Sergio Perez says Massa’s to blame for Canadian GP crash

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After being handed a five-spot grid penalty for the next Formula One race in Austria, Sahara Force India driver Sergio Perez has come out and blamed Felipe Massa for their incident yesterday in the Canadian Grand Prix.

Perez and Massa were battling for fourth place when they came together at Turn 1. Both cars crashed heavily into the barriers, forcing Red Bull’s Sebastian Vettel to weave through the chaos.

In handing Perez the penalty, stewards ruled that the Mexican changed his line and left Massa with nowhere to go. But this morning, Perez gave his side of the story on the @ClubForce Twitter account.

The team then followed Checo’s quotes with this:

Both Massa and Williams head of vehicle performance Rob Smedley have pointed the finger at Perez for the accident.

In comments to Britain’s Press Association, Massa not only showed his disgust with Perez but with the penalty given by the stewards, which he feels is not enough.

Smedley also added that he showed stewards a radio transcript that proves Force India allowed Perez to continue despite a rear brake issue.

“We showed them evidence from the radio transcript – which I think was around lap 67 – where he [Pérez] said ‘I’ve no rear brakes’ I think was his comment,” Smedley said. “They [Force India] said ‘Well if you can carry on, carry on, and if you can’t, pit’.

“That says to me it’s a fairly terminal problem.”

Perez had moved up from 13th on the grid yesterday to shadow then-race leader Nico Rosberg in the second half of the race before the braking problems set in during the final laps.

Formula 1: Ricciardo nurses power unit trouble to win in Monaco

Photo: Getty Images
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Red Bull Racing’s Daniel Ricciardo had dominated the Monaco Grand Prix weekend heading into Sunday, topping every practice session and laying down a lap-record 1:10.810 to secure the pole.

The race itself was also going according to plan for Ricciardo, as he got the jump off Ferrari’s Sebastian Vettel on the start to lead into Sainte Devote.

However, on Lap 28, after the leaders all made their lone pit stops of the race, Ricciardo’s day nearly came unglued when he reported a loss of power on his RB14.

With the Red Bull team monitoring the issue, Vettel was able to close back in on Ricciardo and began stalking him for the lead.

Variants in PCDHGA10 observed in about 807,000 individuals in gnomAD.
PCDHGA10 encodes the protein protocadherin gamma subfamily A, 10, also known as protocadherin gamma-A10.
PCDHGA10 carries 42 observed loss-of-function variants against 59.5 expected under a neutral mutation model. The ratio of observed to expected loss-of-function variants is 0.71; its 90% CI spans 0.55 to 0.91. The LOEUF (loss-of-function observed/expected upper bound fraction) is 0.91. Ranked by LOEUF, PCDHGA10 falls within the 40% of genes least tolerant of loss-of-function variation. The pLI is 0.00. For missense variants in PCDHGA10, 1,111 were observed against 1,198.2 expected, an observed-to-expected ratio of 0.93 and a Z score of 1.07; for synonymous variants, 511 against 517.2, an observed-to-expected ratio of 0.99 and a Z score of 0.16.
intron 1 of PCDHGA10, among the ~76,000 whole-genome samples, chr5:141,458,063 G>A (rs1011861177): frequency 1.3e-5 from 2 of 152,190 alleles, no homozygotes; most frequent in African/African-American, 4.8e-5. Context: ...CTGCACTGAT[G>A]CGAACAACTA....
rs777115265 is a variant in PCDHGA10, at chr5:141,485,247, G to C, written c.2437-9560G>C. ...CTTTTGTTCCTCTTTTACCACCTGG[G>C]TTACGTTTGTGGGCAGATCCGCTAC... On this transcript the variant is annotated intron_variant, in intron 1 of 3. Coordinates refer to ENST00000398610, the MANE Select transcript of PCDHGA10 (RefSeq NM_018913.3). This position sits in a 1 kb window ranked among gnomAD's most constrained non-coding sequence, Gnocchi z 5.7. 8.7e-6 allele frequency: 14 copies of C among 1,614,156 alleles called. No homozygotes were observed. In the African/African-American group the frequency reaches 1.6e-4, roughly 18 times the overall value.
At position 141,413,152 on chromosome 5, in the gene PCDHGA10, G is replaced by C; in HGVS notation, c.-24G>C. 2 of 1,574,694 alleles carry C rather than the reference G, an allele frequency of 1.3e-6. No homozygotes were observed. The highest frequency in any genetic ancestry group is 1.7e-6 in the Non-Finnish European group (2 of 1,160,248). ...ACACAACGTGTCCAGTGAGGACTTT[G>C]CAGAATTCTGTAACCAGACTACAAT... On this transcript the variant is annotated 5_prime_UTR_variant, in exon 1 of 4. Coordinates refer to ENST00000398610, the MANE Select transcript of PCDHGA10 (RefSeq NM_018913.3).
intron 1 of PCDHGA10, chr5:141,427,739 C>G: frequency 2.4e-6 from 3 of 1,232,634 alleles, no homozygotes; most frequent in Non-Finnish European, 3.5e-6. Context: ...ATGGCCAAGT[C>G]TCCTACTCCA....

However, Ricciardo brilliantly utilized a combination of late-braking and sustained cornering speed to keep Vettel at bay and secure his first victory at the Monaco Grand Prix.

The victory, Ricciardo’s second of the 2018 Formula 1 season, serves as sweet redemption after a pit stop error cost him a possible victory in 2016, when he settled for second behind Mercedes’ Lewis Hamilton.

Vettel, meanwhile, saw his challenge hampered after a Lap 72 Virtual Safety Car for a crash between Sauber’s Charles Leclerc and Toro Rosso’s Brendon Hartley – Leclerc suffered brake failure on the run up to the Nouvelle Chicane, and collected Hartley in the process.

When the VSC ended, Vettel could not get his Pirellis back up to temperature, and Ricciardo pulled away in the final laps.

While Vettel ended up second, Hamilton rounded out the podium in third, despite struggling with a graining issue on his Pirelli ultrasofts in the second half of the race. Hamilton held off Ferrari’s Kimi Raikkonen, who also fended off Hamilton’s teammate Valtteri Bottas for fourth – the trio finished up third (Hamilton), fourth (Raikkonen), and fifth (Bottas).

Esteban Ocon was sixth for Force India, with Pierre Gasly coming home a strong seventh for Toro Rosso. Nico Hulkenberg ended up eighth for Renault, while Max Verstappen came home ninth after starting last – Verstappen ran long on his first stint before switching to hypersofts on Lap 48. He ran the hypers all the way to the end to finish ninth.

Carlos Sainz Jr. was the final points finisher, coming home tenth for Renault.

Results are below.

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